Sunday, December 26, 2010
Barry Dempster's Blue Wherever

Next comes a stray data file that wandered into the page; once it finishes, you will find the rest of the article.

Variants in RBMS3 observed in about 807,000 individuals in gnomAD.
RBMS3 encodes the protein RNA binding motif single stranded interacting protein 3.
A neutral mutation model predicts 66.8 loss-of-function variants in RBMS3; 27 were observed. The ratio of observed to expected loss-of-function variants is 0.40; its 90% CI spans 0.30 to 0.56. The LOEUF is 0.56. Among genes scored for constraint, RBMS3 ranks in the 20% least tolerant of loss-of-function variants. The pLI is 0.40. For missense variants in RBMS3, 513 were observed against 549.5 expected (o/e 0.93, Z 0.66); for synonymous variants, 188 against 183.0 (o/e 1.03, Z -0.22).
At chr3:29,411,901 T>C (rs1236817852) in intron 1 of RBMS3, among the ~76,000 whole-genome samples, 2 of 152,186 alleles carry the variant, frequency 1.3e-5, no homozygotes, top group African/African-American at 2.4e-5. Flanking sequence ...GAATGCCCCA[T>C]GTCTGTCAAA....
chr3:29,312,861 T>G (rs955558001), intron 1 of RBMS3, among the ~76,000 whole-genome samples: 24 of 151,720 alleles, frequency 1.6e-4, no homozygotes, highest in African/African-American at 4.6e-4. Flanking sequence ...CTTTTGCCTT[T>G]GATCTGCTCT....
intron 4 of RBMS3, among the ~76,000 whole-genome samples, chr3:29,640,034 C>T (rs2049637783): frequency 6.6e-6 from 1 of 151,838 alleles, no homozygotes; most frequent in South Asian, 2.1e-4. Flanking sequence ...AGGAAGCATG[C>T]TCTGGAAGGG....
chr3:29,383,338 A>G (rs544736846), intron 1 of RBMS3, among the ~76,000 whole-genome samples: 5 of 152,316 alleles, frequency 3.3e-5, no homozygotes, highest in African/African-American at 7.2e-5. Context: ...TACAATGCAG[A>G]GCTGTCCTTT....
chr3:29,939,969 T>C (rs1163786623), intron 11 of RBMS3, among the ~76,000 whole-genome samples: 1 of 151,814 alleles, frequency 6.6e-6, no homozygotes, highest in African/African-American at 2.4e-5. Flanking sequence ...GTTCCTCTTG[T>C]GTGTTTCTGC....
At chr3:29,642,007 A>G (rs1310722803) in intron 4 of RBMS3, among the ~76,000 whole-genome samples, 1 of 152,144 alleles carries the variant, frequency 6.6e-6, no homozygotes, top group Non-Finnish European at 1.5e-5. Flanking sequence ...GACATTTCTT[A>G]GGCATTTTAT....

I read Barry Dempster's 2005 The Burning Alphabet earlier this year, and found the turning of the phrase more fertile, the range more engaging, the edge sharper, and the humour more lively than I did in the just completed Blue Wherever, published in 2010. Too many poems in the latter collection follow the same path of rueful first-person philosopher/stocktaker, lightened by self-puncturing. Nature and man (or Man) are at odds, and Dempster is interesting when mocking the Romantic hope involved in their union ("Coyote"), but the repetition burgeons until I wondered why emphasis should replace what any concision in most individual poems failed to provide. Especially towards the book's latter half, the confessional grousing became tiresome. I appreciate Dempster's honesty -- even more valuable in an age when many poets either want to limit our view of them to the sermon above the mount, or the gosh-golly of foibles -- but Blue Wherever could have used a healthy paring and pruning, and then an injection of multiple perspectives or (at least) a wider focus.